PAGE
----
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Crystalline structures based on packing of hard spheres

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I need an introduction similar to this related to the same subject with is the crystalline structures, if you can paraphrase it in a way that does not make it plagiarized then that's fine too;2 Crystalline structures based on packing of hard spheres;2.1 Introduction;The bonding energy between pairs of atoms is minimized at a xed equilibrium distance r0, because of this;most solid materials spontaneously adopt a crystalline arrangement in which atoms or ions are positioned;along an ordered periodic array called the crystalline lattice. All metals, and most covalent and ionic;solids, form crystalline structures under normal solidication conditions. Many properties of crystalline;solids depend on the crystal structure, being the manner in which atoms or ions are spatially arranged.;When the atoms favor no particular bonding orientations, the crystalline structure can be conveniently;described using the hard sphere model. As metallic bonding is nondirectional in nature, the structure of;most elemental metals is accurately described by the dense packing of hard spheres. In this model, hard;spheres representing nearest neighboring atoms touch one another and form a densely packed structure. In;case of elemental metals, all the atoms are identical. Three relatively simple crystal structures are found for;most metals: face-centered cubic (FCC), hexagonal close-packed (HCP) and body centered cubic (BCC).;FCC and HCP correspond to very dense atomic arrangements called closed packed structure, while BCC is;a less dense structure.;Crystal structures determine most of the properties of a material. It can be witnessed in the beautiful;natural formations of minerals, or in a more indirect way in industry. For example, turbine blades for ghter;jets are grown such that only one crystal orientation is possible within the whole blade. Because of that;specic structure, the blade will not deform when exposed to extreme heat. This is only one of the many;consequences of the study of crystallography.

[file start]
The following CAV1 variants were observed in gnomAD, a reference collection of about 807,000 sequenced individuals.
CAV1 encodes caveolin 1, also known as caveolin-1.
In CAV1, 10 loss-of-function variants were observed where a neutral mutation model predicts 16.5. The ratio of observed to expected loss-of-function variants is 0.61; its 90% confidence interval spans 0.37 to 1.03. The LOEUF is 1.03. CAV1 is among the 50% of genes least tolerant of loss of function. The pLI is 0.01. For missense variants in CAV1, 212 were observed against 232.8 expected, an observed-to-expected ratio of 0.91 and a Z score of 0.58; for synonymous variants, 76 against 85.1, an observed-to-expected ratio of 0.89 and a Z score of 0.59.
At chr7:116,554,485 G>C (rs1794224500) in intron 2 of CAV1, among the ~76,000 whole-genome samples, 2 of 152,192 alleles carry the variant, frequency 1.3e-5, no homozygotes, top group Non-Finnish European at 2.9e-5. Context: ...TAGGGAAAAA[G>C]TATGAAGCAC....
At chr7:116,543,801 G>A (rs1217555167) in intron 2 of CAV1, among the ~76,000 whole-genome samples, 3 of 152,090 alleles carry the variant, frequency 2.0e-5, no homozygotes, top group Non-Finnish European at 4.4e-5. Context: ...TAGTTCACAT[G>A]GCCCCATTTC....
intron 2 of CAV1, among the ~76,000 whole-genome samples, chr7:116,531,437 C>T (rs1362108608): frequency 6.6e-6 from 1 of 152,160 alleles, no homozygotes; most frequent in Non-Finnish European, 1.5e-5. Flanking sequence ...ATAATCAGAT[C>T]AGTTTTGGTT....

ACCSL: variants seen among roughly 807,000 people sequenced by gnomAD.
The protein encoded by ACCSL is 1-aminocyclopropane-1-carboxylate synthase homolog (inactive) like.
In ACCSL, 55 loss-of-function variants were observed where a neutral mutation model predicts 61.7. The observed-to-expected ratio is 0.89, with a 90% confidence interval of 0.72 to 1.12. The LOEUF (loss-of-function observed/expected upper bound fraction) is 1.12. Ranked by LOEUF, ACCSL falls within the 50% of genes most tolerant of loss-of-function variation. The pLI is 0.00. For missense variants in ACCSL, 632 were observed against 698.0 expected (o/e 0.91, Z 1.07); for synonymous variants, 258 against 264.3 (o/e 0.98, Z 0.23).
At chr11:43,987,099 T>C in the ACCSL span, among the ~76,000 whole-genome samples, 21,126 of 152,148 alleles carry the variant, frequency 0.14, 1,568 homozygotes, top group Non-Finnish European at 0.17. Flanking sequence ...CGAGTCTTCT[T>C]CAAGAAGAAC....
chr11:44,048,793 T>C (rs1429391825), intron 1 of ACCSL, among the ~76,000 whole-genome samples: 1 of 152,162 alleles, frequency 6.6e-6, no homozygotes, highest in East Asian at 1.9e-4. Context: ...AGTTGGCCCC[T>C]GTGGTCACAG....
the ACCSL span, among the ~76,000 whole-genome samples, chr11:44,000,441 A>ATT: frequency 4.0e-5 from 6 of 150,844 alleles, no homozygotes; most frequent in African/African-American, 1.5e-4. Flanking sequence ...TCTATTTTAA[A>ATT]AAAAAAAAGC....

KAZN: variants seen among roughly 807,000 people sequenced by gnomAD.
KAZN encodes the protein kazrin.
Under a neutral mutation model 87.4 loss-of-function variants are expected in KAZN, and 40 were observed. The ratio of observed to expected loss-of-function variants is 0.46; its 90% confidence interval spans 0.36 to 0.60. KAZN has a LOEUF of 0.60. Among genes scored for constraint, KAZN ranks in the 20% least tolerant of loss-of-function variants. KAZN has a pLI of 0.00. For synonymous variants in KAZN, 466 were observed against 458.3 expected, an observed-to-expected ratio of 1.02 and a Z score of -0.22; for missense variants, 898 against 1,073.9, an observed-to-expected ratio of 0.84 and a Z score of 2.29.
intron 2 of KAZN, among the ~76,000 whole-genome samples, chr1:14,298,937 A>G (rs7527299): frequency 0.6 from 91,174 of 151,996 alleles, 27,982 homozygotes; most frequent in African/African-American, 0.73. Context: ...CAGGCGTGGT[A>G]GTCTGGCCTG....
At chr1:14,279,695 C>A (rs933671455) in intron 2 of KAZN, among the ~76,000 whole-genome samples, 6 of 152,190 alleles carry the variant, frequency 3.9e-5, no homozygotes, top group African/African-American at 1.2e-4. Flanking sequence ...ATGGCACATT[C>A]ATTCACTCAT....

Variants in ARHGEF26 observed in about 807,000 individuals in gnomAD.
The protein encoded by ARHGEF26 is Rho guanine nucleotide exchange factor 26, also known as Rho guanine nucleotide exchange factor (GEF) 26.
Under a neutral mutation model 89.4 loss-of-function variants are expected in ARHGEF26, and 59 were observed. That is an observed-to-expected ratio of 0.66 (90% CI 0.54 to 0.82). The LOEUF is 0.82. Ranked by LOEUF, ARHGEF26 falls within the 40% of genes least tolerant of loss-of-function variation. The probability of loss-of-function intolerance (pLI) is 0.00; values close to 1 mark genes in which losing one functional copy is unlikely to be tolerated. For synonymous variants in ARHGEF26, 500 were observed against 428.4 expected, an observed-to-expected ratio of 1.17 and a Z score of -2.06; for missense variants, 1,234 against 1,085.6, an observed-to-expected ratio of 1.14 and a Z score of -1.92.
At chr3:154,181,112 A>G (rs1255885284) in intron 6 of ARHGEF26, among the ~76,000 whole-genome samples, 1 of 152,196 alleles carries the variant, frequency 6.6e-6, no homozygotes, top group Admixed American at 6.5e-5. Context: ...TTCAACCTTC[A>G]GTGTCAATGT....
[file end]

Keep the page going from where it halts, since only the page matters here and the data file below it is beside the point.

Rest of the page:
Paper#16201 | Written in 18-Jul-2015

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